The Swan Gondola by Timothy Schaffert
On the eve of the 1898 Omaha World’s Fair, Ferret Skerritt, ventriloquist by trade, con man by birth, isn’t quite sure how it will change him or his city. Omaha still has the marks of a filthy Wild West town, even as it attempts to achieve the grandeur and respectability of nearby Chicago. But when he crosses paths with the beautiful and enigmatic Cecily, his whole purpose shifts and the fair becomes the backdrop to their love affair.
One of a traveling troupe of actors that has descended on the city, Cecily works in the Midway’s Chamber of Horrors, where she loses her head hourly on a guillotine playing Marie Antoinette. And after closing, she rushes off, clinging protectively to a mysterious carpetbag, never giving Ferret a second glance. But a moonlit ride on the swan gondola, a boat on the lagoon of the New White City, changes everything, and the fair’s magic begins to take its effect. (via Goodreads)
I’ve always taken note of the fact that the Wizard of Oz was from Omaha. I suppose that considering that the Wizard is a con man maybe this is an indictment of my city, but when you grow up somewhere like Omaha, you take what you can get. Timothy Schaffert took note too and wrapped the Wizard in the clothes of the 1898 Trans-Mississippi Exposition, or the Omaha’s World Fair. The Swan Gondola isn’t any sort of The Wizard of Oz retelling, but it definitely nods and winks in its direction.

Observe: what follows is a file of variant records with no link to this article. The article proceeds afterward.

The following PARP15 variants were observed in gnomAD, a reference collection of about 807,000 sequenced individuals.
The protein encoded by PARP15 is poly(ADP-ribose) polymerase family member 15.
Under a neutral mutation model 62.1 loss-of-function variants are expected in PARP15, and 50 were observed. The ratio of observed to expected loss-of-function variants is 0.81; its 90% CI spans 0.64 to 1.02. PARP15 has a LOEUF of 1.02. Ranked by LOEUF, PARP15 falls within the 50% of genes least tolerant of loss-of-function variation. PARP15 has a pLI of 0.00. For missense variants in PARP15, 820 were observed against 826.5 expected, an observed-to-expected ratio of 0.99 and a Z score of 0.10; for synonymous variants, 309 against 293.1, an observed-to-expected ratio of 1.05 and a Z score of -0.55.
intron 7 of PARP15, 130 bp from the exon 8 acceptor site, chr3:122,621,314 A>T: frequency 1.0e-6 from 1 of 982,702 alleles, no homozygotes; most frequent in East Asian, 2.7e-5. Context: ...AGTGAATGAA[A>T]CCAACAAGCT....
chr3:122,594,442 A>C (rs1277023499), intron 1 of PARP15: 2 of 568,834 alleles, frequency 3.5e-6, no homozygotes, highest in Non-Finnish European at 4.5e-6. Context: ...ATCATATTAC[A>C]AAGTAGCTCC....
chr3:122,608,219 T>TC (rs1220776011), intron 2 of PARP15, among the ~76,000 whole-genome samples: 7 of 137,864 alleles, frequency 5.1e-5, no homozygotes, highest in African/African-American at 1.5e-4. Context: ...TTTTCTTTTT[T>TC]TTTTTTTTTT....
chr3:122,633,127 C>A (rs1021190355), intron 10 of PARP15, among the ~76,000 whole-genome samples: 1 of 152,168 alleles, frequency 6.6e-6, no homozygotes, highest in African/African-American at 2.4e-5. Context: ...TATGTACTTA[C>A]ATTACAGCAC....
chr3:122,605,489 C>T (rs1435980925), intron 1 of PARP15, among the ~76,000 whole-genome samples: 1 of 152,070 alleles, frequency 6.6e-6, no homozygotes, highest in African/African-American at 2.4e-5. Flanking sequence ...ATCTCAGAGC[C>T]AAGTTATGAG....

Omaha of this period, and especially the 30 years after, is of interest to me. If I would have been a smarter kid, I would have paid a whole lot more attention on field trips to the history museums. Schaffert has definitely done his research and his Omaha of 1898-99 can best be described in Ferret Skerritt’s own words as “exuding shabby romance.” Indeed, the setting is the best part of The Swan Gondola. Not only is it the Omaha of the Trans-Mississippi Exposition, but it’s Ferret’s Omaha. Sort of Victorian seedy. Along with setting, the secondary characters really shine. Two-spirited August Sweetbriar and Pearl the counter girl at Brandeis are almost more solid than Ferret, our narrator, and the nearly ghostly Cecily.
The plot was the weak part for me. I’m going to admit that I’m not a romantic person. Swooning love stories leave me impatient. For me, most of Ferret’s decisions play as selfish, despite his devotion to Cecily and Doxie. Ferret would be the sort of chess player that never thinks more than a move ahead; always reacting to his opponent, occasionally getting bailed out by friends, and mostly just being lucky.
I had crazy high expectations for this book. While it fell a little short, it was still very enjoyable with a magical atmosphere that I don’t find often in historical fiction.
Publisher: Riverhead Hardcover
Publication date: February 6th 2014
Genre: Historical fiction